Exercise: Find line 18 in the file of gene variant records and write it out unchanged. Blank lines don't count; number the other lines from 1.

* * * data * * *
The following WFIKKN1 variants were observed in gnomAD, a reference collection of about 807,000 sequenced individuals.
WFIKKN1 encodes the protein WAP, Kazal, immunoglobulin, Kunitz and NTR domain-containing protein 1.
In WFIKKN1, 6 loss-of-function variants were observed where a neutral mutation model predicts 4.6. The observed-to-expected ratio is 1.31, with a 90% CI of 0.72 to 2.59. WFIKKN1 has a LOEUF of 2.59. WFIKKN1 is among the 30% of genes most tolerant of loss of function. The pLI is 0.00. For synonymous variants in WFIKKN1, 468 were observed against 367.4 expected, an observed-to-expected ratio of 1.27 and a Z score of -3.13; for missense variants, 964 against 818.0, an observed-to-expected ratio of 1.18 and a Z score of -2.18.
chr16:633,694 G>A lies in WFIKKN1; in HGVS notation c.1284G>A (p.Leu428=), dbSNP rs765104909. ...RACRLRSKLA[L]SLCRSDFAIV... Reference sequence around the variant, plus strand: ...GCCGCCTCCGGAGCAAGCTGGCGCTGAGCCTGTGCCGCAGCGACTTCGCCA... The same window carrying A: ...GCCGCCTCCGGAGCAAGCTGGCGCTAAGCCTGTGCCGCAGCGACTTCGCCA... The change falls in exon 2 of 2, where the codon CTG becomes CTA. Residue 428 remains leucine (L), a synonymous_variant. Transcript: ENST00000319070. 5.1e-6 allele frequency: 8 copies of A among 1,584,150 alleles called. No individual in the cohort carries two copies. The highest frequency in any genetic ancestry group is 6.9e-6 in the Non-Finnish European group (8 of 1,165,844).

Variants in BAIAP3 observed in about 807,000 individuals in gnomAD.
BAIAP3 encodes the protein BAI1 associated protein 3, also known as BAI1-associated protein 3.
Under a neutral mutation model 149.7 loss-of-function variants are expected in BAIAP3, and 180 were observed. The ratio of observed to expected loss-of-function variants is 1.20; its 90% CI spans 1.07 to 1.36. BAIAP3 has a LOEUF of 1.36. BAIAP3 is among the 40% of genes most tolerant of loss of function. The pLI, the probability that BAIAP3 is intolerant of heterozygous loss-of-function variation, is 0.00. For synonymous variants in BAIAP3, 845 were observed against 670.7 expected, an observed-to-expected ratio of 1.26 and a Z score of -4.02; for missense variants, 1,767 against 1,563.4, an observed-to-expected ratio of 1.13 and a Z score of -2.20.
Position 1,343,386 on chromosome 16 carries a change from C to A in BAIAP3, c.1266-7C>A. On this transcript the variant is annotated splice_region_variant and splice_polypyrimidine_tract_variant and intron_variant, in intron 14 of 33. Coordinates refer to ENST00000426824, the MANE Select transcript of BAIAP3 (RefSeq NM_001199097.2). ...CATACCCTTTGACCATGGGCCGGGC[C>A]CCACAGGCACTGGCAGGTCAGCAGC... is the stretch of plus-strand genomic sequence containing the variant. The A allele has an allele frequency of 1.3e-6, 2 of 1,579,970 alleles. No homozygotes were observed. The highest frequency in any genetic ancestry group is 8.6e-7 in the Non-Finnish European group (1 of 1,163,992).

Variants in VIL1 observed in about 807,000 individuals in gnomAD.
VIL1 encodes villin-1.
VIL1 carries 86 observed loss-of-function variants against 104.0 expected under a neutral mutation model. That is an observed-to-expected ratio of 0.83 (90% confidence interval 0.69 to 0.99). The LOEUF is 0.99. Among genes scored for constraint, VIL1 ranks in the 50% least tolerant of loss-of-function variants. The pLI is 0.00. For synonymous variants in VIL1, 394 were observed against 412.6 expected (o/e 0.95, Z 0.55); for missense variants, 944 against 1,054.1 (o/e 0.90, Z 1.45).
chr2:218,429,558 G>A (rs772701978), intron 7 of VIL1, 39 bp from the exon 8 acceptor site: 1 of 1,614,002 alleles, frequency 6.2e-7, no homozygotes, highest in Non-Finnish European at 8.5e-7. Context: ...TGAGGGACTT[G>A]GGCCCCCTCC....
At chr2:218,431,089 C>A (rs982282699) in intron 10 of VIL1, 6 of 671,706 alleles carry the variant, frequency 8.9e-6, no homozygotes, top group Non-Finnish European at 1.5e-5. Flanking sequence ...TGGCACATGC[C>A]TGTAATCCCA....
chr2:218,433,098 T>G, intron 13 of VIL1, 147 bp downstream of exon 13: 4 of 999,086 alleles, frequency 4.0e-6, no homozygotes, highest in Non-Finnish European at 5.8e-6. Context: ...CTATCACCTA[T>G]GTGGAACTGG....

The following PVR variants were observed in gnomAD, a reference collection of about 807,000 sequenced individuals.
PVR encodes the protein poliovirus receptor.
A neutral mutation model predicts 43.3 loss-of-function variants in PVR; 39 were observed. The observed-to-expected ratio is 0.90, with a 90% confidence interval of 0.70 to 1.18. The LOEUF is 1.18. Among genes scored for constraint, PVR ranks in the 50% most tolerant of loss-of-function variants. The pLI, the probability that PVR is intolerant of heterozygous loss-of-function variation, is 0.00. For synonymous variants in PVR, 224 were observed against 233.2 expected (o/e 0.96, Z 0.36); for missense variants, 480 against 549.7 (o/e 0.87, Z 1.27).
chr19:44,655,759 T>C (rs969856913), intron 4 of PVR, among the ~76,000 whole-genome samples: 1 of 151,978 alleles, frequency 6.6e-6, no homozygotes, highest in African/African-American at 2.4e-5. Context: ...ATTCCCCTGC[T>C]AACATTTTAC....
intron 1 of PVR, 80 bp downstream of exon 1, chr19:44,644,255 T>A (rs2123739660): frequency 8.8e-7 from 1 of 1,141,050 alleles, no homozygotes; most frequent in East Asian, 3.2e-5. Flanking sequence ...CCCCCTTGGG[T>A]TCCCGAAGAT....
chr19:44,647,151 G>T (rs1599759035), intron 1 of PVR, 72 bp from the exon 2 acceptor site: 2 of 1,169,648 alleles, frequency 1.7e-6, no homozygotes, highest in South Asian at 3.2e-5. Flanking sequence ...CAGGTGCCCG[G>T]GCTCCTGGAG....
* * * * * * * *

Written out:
chr19:44,655,759 T>C (rs969856913), intron 4 of PVR, among the ~76,000 whole-genome samples: 1 of 151,978 alleles, frequency 6.6e-6, no homozygotes, highest in African/African-American at 2.4e-5. Context: ...ATTCCCCTGC[T>C]AACATTTTAC....